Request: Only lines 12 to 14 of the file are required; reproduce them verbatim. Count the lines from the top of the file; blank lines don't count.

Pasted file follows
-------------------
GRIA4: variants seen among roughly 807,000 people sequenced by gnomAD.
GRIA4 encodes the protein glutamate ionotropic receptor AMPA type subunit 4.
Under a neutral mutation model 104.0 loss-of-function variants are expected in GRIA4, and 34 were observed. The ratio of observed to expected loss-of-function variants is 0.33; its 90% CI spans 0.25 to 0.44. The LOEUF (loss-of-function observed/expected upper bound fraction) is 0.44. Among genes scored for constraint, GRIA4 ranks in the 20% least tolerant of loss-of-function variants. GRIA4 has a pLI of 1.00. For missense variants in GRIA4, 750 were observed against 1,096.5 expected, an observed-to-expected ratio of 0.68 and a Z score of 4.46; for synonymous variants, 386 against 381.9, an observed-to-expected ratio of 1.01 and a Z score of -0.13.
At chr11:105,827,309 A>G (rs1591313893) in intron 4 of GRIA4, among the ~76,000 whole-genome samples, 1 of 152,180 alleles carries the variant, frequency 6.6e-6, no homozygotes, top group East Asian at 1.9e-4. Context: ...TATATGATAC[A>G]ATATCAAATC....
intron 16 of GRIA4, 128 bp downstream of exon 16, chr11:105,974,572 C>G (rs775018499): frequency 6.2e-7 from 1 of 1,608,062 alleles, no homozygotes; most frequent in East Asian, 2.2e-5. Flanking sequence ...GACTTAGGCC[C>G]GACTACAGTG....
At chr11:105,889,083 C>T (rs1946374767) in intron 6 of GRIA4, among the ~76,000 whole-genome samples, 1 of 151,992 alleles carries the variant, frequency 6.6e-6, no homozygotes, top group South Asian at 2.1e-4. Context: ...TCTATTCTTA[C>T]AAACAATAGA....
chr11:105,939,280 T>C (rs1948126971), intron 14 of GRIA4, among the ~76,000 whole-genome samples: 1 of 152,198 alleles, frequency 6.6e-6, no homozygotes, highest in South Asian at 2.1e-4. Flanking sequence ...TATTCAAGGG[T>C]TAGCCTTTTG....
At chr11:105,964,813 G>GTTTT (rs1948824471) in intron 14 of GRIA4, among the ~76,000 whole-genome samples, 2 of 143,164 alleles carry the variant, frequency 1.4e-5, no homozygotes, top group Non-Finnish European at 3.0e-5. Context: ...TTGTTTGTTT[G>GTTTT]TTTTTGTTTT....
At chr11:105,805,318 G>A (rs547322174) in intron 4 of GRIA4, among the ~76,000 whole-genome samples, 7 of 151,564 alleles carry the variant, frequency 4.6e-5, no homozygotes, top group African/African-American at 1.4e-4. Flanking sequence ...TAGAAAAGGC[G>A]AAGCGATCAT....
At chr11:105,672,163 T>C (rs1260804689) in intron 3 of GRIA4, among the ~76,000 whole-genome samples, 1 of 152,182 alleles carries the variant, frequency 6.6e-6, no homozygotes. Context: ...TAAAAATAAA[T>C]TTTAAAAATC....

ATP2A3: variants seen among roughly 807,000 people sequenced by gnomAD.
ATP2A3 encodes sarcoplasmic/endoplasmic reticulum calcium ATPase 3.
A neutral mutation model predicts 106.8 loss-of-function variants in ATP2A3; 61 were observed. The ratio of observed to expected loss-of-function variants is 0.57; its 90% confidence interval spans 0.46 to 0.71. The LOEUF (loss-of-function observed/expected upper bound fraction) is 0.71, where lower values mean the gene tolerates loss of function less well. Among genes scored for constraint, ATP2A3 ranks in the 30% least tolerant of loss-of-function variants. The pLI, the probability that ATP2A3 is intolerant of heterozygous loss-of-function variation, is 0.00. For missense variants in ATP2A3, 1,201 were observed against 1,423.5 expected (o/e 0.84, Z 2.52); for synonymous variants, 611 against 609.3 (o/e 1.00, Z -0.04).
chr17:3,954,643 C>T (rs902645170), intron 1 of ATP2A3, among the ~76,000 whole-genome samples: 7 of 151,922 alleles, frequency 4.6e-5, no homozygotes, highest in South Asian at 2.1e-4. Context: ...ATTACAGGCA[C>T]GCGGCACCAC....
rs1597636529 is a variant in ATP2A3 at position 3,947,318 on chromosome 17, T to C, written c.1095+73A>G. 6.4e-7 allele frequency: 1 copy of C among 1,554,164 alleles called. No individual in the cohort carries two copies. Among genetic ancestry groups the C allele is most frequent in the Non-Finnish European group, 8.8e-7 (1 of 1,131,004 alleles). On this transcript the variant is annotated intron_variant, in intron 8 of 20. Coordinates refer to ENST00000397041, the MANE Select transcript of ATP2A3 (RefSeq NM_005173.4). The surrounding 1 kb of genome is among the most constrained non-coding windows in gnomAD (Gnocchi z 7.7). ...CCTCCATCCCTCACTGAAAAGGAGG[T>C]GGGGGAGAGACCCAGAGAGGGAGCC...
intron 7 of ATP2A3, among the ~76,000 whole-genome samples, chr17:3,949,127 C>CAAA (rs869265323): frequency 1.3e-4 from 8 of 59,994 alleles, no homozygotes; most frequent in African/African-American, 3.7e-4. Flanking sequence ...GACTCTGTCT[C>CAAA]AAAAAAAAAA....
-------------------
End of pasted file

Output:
ATP2A3 encodes sarcoplasmic/endoplasmic reticulum calcium ATPase 3.
A neutral mutation model predicts 106.8 loss-of-function variants in ATP2A3; 61 were observed. The ratio of observed to expected loss-of-function variants is 0.57; its 90% confidence interval spans 0.46 to 0.71. The LOEUF (loss-of-function observed/expected upper bound fraction) is 0.71, where lower values mean the gene tolerates loss of function less well. Among genes scored for constraint, ATP2A3 ranks in the 30% least tolerant of loss-of-function variants. The pLI, the probability that ATP2A3 is intolerant of heterozygous loss-of-function variation, is 0.00. For missense variants in ATP2A3, 1,201 were observed against 1,423.5 expected (o/e 0.84, Z 2.52); for synonymous variants, 611 against 609.3 (o/e 1.00, Z -0.04).
chr17:3,954,643 C>T (rs902645170), intron 1 of ATP2A3, among the ~76,000 whole-genome samples: 7 of 151,922 alleles, frequency 4.6e-5, no homozygotes, highest in South Asian at 2.1e-4. Context: ...ATTACAGGCA[C>T]GCGGCACCAC....